Addendum (7/4/2014): Two more:

1. To the extent that the New York Times does anything remarkable, it emerges from collaboration and shared enterprise. It’s worth remembering that its legacy begets an excellence that surpasses the particulars of who produces it.

2. What makes America great isn’t something marvelous in our nature. It’s our rules and our mechanisms of accountability. If I were to shoot and kill you, someone would do something about it.

Thursday, June 19, 2014

How the New York Times’s Top Tech Blogger Multitasks

Nikki Usher:

Bilton multitasked constantly and was involved in many kinds of conversations. He was, at any one point, tweeting on his own Twitter stream, tweeting on the Times’s liveblog, IMing with people as far away as San Francisco or as close as the desk behind him, and talking to other staffers. He was also simultaneously tracking Twitter, checking the blogosphere for competing tech blogs, and thinking about new blog posts to write. With these blogs, he wasn’t just posting text but actively using Photoshop, Adobe Illustrator, Excel, and a number of other programs to enhance the visual aspects of his blogging. Bilton joked about being ADD—but he was exactly the multitasking information seeker and user of social news that he had written about in his book.

Wednesday, June 18, 2014

What Media Companies Can Learn From Mormons

Mormons spend half their time practicing their religion and half their time spreading it. As a result, their religion has spread around the world.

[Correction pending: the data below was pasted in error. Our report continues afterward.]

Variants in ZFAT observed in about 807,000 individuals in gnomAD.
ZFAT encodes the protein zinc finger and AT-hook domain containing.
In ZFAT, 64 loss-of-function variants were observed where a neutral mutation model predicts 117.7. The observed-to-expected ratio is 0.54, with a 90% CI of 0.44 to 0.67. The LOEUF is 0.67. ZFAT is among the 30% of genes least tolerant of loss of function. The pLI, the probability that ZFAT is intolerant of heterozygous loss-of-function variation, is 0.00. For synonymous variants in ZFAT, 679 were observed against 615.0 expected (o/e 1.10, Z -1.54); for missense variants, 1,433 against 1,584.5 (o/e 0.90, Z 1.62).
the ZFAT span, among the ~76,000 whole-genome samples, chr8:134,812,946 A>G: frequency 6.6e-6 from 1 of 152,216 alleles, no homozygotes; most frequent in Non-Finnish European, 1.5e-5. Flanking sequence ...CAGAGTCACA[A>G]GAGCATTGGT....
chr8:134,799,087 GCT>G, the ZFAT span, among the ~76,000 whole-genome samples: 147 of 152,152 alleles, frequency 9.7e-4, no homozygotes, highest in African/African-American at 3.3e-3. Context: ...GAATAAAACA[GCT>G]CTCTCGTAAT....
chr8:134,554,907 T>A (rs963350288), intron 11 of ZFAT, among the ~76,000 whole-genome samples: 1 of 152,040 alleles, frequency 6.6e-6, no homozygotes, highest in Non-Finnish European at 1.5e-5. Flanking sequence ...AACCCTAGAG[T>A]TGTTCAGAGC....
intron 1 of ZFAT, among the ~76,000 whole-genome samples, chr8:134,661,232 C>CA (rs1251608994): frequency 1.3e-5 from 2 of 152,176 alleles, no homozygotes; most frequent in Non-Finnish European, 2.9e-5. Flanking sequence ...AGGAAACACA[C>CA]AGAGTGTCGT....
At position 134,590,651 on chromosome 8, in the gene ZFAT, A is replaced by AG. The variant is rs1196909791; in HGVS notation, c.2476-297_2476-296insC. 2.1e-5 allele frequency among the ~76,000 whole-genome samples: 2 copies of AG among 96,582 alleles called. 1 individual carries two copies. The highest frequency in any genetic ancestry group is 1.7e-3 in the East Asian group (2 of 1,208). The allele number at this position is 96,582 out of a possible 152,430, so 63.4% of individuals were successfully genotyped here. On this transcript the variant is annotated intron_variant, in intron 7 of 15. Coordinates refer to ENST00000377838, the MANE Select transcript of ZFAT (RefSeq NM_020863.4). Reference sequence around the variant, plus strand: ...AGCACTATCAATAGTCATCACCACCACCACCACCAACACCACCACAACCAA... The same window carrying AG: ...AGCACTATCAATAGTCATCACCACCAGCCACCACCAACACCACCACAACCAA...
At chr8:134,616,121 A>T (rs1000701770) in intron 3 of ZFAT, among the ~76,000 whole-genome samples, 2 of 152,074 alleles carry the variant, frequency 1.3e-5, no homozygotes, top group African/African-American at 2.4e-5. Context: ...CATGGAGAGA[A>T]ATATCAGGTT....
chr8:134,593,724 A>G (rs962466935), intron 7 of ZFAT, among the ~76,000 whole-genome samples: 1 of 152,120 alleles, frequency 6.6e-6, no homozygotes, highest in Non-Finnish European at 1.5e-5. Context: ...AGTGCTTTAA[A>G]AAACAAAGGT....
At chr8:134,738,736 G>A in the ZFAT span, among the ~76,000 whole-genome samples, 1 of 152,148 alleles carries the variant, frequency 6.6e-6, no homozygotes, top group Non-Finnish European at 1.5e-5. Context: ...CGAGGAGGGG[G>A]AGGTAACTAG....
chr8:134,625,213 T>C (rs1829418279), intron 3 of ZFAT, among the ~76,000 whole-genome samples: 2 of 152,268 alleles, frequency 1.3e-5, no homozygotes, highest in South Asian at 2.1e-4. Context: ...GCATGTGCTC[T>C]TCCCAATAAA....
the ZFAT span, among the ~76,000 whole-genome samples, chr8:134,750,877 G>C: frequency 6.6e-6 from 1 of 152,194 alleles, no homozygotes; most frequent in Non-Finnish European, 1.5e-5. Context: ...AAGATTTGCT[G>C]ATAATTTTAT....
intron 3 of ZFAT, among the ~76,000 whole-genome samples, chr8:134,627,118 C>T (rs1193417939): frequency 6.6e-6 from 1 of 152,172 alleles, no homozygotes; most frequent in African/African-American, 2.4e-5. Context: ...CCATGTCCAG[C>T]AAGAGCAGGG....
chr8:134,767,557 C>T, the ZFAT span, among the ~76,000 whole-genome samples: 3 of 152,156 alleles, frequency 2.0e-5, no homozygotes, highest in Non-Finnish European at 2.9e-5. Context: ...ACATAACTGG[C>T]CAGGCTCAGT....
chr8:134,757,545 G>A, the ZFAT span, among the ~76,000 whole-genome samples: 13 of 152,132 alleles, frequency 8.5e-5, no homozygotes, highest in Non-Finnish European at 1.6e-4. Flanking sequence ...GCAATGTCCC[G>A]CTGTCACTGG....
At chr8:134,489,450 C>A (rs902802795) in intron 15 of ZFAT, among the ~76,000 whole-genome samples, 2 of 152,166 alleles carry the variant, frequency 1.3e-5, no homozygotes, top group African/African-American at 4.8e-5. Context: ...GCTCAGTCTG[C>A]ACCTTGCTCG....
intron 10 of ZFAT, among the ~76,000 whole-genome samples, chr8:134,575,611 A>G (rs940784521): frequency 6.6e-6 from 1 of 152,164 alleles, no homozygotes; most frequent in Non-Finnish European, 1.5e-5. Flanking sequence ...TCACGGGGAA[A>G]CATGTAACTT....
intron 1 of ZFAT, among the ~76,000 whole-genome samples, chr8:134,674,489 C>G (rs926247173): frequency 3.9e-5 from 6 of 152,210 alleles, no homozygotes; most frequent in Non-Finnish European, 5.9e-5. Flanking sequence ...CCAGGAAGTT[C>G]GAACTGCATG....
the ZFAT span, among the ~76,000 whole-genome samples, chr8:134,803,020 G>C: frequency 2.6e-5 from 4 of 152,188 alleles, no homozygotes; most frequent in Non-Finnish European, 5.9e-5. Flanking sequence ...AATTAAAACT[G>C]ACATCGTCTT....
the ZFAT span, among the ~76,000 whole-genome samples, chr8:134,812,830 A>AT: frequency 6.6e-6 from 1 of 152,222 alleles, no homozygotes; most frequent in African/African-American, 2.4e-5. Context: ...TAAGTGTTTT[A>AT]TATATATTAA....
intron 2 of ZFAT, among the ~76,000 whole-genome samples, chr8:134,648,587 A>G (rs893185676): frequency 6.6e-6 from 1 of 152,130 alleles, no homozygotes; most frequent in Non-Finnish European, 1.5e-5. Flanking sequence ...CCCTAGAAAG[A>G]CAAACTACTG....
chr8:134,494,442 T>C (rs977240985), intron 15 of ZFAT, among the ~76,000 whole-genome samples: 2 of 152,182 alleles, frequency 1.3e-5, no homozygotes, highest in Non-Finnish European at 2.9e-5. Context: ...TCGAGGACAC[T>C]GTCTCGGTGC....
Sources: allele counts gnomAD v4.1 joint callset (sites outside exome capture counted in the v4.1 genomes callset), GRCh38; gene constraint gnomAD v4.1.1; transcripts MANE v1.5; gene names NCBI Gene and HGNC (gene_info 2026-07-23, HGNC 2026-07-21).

This is what media companies need to do: spend half their time spreading, or promoting, their work.

Lessons From BuzzFeed [Medium]

Yet Another Reason Today’s Publishers Must Be More Tech Savvy

Derek Thompson:

The shift to digital isn’t benefiting large media corporations so much as it’s enriching search and social media companies that can scale audiences and their data to create targeted advertising that a media company could only dream of replicating. Google and Facebook control 50% (and growing) of the domestic ad market. After you add Microsoft, LinkedIn, Twitter, and Amazon, you’ve accounted 70% of digital advertising.

Some of the largest digital media companies, like the commercially hapless Yahoo and AOL properties, are left fighting over scraps of branding banners and squares. Even lean operations like Gawker Media are victims of digital journalism’s lean margins. It’s not a coincidence that the most successful big digital media property, BuzzFeed, isn’t really in the old-fashioned adjacent advertising business at all. It’s a website where original stories live next to “promoted” ads engineered by an in-house laboratory for building advertising that will go viral. That’s not like Time Inc. going into digital. It’s more like Mad Men going into digital journalism.

Tuesday, June 10, 2014

The Consultant

We’re “fairly hermaphroditic creatures, one minute exhibiting a professor’s passion for the great clarifying concept, the next displaying sales skills worthy of a street hustler.”

Walter Kiechel.